Why we need healthy fats in our diet

There is often confusion around which types of fat are healthy for us and which types are not. You couldn’t be blamed for feeling confused, as there is conflicting evidence for both sides of the argument. Unfortunately, there is still a lot of fear of gaining weight from consuming fat, however, contrary to many people’s beliefs, when eating the right types of fat (healthy fats), considerable weight loss can be achieved.

Saturated Fat Myth?

Ancel Keys was a physiologist who set out to prove his theory that saturated fat was responsible for heart disease, in his Seven Countries study in the late 1950’s. He concluded that there was a correlation between cardiovascular disease, total cholesterol and saturated fat. Low fat diets were recommended following his findings, which in fact, increased cardiovascular disease occurrence as a result of this advice. This study has since been discarded as a seriously flawed study.

A systematic review from 2010 showed that there was no significant evidence to conclude that dietary saturated fat was associated with an increased risk of cardiovascular disease (1).

A paper was published in 2013 in The British Medical Journal stating that saturated fat does not cause heart disease, trans fats do (2). Unfortunately, this advice is still not getting to the general public 6 years later.

What is important about fats in the diet is not the ‘amount’ of fat but the ‘type’ of fat. The problematic fats linked to chronic diseases are industrial trans fats, found in hydrogenated vegetable oils and processed foods.

When combined with an insufficiency of monounsaturated fats, found in olive oil, avocados, nuts and seeds; and omega-3 fatty acids, found in oily fish, walnuts, flaxseeds, and chia seeds, disease processes may ensue.

Dietary fat is necessary for cell membrane composition, and a high consumption of trans fats reduces the membrane fluidity, which decreases the binding of insulin to receptors on cell membranes, decreasing insulin action (3). Studies have shown trans fats to be associated with all cause mortality, cardiovascular disease, coronary heart disease mortality, type 2 Diabetes, and ischemic stroke. These diseases and disease processes were not associated with saturated fats; however, there were methodological limitations to the studies (4).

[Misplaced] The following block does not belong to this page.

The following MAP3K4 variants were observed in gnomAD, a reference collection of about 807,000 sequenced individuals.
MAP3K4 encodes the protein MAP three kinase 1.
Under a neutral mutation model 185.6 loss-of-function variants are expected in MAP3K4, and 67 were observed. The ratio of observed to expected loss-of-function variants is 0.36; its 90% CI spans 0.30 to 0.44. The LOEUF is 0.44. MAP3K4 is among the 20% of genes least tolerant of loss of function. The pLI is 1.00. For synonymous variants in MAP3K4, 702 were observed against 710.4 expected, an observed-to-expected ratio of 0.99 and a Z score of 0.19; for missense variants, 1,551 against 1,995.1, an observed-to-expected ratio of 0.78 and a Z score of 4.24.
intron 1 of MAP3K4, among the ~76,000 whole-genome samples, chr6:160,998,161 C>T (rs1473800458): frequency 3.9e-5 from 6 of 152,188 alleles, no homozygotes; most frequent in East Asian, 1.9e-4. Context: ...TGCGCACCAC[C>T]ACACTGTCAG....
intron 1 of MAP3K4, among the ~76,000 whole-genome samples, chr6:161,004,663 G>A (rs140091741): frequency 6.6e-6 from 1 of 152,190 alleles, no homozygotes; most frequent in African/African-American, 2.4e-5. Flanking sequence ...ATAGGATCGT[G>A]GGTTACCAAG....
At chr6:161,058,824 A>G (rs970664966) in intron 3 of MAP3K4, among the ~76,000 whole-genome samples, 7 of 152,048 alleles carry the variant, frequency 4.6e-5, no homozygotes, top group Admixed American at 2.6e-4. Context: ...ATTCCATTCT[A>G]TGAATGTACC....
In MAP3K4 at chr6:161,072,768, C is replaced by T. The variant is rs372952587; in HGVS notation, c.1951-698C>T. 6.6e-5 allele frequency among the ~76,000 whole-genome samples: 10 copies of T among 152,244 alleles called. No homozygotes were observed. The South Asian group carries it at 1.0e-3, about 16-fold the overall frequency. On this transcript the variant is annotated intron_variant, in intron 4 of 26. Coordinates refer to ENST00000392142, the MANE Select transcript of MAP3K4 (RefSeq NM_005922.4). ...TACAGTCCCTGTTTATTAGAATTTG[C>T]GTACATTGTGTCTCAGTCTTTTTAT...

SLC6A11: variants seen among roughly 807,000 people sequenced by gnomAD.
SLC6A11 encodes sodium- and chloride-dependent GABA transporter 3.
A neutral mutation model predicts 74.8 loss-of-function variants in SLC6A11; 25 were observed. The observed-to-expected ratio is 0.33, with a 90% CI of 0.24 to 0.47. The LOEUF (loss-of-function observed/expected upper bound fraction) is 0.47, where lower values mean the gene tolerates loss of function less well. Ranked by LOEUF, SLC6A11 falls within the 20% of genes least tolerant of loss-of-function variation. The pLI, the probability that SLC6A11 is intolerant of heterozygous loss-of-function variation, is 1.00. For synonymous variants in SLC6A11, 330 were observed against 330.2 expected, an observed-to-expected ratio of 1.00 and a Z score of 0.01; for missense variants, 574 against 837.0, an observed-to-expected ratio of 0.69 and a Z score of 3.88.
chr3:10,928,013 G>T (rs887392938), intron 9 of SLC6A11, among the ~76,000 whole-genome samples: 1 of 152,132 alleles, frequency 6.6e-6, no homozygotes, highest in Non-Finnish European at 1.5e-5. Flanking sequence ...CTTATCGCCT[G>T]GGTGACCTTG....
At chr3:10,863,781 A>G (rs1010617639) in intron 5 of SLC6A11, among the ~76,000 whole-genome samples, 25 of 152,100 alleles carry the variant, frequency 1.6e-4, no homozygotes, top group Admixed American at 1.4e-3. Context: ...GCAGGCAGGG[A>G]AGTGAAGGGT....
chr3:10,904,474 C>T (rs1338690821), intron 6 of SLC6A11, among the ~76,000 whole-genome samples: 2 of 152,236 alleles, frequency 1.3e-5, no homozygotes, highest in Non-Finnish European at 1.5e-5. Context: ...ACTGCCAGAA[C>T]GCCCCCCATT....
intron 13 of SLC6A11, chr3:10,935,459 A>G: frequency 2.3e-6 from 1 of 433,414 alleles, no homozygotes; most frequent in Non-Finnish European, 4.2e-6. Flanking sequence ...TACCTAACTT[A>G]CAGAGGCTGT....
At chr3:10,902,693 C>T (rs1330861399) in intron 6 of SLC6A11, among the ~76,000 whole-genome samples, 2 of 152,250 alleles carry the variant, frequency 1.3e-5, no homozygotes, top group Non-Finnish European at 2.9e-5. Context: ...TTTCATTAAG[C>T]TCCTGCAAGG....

Cholesterol Myth?

We have been told that cholesterol causes heart disease. This theory was also based on the highly flawed Seven Countries study by Ancel Keys.

Ancel Keys took data from 22 countries; however, he only used the data from the seven countries whose evidence supported his view. He discounted the rest. It was from this data that we were told to cut out or seriously reduce butter, animal fats, eggs and dairy from our diets.

There is no study that connects consuming high cholesterol foods with increased cholesterol in the body. Your body makes cholesterol, if you eat more, then your body makes less.

We need cholesterol:

• To produce our cell membranes

• To make important hormones

• To make vitamin D

• To help us digest fats

• For healthy brain function

Good fats (anti-inflammatory) Monounsaturated fats, polyunsaturated fats, saturated fats, and omega-3 oils.

Good sources include extra virgin olive oil, extra virgin coconut oil, nuts and seeds, nut and seed butters, avocado, flaxseed oil, sesame oil, tahini, wild caught oily fish (salmon, trout, sardines, mackerel, herring, anchovies etc.), olives, ghee, hemp seed, and MCT oils.

Also found from grass-fed animal fats such as beef, chicken, turkey, and dairy products such as cheese, butter and cream. Saturated fats mainly found in animal products such as butter, ghee, and lard are good cooking fats as they have a higher smoke point than unsaturated fats, meaning they are less likely to be damaged by oxidation. Coconut oil is also a saturated fat with a high smoke point.

It’s important to note that while we have been told that we shouldn’t use extra virgin olive oil for cooking, recent studies found it to be one of the most stable oils (followed by coconut oil) when heated. This is due to its’ fatty acid profile and antioxidant content (5). The Mediterranean diet, high in extra virgin olive oils, has been shown to be heart protective, especially when compared to low fat diets.